But Nebraska certainly has not been immune.
According to Center for Disease Control and Prevention data, between 2000 and 2020, annual deaths from accidental drug overdoses in Nebraska spiked from 22 to 177 — an increase of 705%.
The first wave of the opioid crisis began in the 1990s when pharmaceutical firms began aggressively marketing opioid pain relievers, which they claimed carried low risk of addiction. The pills became freely prescribed for many types of pain.
The powerful drugs were soon abused, with addicts shopping for doctors willing to write prescriptions. Teens seeking the drugs would steal them right out of their parents’ medicine cabinets.
The second wave of the epidemic began in 2010 after a crackdown on the loose prescription of the opioids. Addicts turned to heroin, a cheap, widely available illegal opioid. Overdose deaths continued to climb.
Now the nation is in the third, most lethal wave of the crisis, fueled by fentanyl.
Fentanyl is a prescription drug said to be up to 100 times more potent than morphine and 50 times stronger than heroin. It’s typically used to treat patients with severe and chronic pain.
Drug cartels, mostly based in Mexico, began to produce fentanyl to meet U.S. addicts’ unmet demand for prescription opioids. The drug was pressed into pills made to look just like prescription pills, a common form being blue pills stamped with “M30” much like oxycodone tablets.
The DEA says lab testing has revealed as many as four in 10 such pills contain at least 2 milligrams of fentanyl, a potentially lethal dose.
Now drug dealers are mixing fentanyl into heroin, cocaine and meth because it’s both cheaper to produce and more addictive, the DEA’s King said. One UCLA researcher recently described the nation’s illicit drug supply today as “a toxic mess.”
Given the potency of fentanyl, that’s often proving fatal.
Between 2019 and 2020 alone, accidental overdose deaths in Nebraska spiked nearly 50%, with the isolation and social malaise from the COVID-19 pandemic also likely contributing to that toll.
More recent trends tracked by Omaha police suggest overdoses have remained high since. Omaha had 60 overdose deaths in 2020, 56 last year and is on roughly the same pace this year.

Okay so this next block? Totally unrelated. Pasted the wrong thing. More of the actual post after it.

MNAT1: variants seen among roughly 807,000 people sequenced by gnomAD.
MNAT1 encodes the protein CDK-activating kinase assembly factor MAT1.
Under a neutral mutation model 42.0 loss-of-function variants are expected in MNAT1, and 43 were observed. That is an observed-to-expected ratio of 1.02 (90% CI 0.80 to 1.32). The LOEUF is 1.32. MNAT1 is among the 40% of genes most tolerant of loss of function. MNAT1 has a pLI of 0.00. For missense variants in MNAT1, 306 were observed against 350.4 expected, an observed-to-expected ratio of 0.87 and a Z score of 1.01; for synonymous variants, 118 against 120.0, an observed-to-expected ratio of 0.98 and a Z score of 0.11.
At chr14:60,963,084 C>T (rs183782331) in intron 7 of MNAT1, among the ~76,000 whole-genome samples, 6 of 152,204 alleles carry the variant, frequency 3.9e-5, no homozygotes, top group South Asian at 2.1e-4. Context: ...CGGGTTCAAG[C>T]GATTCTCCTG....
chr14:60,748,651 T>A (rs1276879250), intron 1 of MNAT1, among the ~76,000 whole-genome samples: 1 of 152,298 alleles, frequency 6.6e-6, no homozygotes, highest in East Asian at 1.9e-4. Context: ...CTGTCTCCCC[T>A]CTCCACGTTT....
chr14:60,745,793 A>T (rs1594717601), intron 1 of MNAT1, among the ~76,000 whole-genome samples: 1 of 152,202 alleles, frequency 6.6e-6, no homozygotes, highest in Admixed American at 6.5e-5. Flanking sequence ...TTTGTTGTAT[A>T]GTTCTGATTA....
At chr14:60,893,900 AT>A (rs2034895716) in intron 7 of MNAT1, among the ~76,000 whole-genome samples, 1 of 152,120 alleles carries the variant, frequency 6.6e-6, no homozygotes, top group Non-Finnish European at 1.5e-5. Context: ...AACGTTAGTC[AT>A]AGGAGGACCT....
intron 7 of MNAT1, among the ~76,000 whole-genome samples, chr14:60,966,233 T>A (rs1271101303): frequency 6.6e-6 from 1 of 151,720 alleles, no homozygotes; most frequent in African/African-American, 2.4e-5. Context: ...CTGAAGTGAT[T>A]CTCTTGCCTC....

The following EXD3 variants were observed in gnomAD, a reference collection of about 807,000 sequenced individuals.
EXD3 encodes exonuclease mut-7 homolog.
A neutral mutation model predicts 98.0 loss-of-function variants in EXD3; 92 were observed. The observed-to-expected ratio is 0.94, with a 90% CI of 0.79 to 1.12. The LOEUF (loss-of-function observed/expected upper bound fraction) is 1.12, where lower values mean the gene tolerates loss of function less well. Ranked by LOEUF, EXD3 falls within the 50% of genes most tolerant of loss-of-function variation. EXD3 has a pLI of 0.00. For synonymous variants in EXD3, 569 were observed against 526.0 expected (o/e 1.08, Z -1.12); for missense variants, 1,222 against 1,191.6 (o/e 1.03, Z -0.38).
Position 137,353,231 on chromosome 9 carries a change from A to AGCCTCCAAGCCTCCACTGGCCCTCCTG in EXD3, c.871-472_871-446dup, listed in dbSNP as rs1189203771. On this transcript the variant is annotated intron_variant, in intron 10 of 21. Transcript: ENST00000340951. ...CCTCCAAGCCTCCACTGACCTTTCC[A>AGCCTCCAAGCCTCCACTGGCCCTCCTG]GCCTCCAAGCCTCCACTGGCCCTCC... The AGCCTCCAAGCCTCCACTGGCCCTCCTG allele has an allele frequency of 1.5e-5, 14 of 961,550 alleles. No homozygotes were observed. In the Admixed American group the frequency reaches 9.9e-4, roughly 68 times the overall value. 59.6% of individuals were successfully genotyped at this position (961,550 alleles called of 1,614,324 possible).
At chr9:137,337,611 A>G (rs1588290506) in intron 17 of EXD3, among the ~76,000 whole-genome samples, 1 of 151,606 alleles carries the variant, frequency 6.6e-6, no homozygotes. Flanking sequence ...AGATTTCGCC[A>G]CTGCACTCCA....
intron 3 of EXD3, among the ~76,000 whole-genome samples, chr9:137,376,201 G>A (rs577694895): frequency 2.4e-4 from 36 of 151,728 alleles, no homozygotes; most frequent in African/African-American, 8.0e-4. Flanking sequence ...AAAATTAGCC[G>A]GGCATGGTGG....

In addition, nonfatal overdoses this year appear headed for a record high. For every fatal overdose in Omaha, about 10 overdoses are not fatal.
Often the overdoses and deaths come in “mass overdose events,” which can occur when batches of drugs with high doses of fentanyl are peddled in a community.
In Lincoln a year ago, police traced at least 35 overdose cases and nine deaths to fentanyl-laced cocaine that had been stolen from the Nebraska State Patrol’s crime lab.
Many of the 11 deaths in Omaha in February were likely similarly linked to lethal batches of drugs.
The same weekend as the February Omaha overdose that killed two, seven died in a single incident in St. Louis. A week earlier, nine died on a single Washington, D.C., block.
Just two weeks ago, another mass overdose event occurred in Omaha. Three victims were found in a home in North Omaha. Two died, with the third saved only through administration of multiple doses of naloxone.
“It was pretty scary how close she was to death,” Fornoff said. “If not for the person calling in (to 911) from this party, she would not have survived.”
Narcotics investigators probing overdose events try to trace the drugs back to the dealers and ultimately to the cartels supplying the drugs. Complicating such efforts is that the pills today are frequently bought and sold online in the dark reaches of the internet.
Still, just during the first six months of 2022, DEA agents seized more than 150,000 pills in Nebraska, double the 83,000 seized in all of 2021. Some 32,000 were seized in Omaha in a single two-day period.
Investigators with the DEA in Omaha seized about 32,000 fake pills, some laced with lethal doses of fentanyl, in a two-day span beginning July 8.
“We know we have a product out there people are dying from,” King said. “We’re trying to hold those accountable who are pushing this poison in our community.”
The DEA and Omaha police are in the early stages of setting up a task force to focus on fentanyl. But law enforcement officials are also treating overdoses as the public health crisis they’ve become.
The agencies are trying to educate the public on how lethal fentanyl can be, including through the DEA’s “One pill can kill” campaign.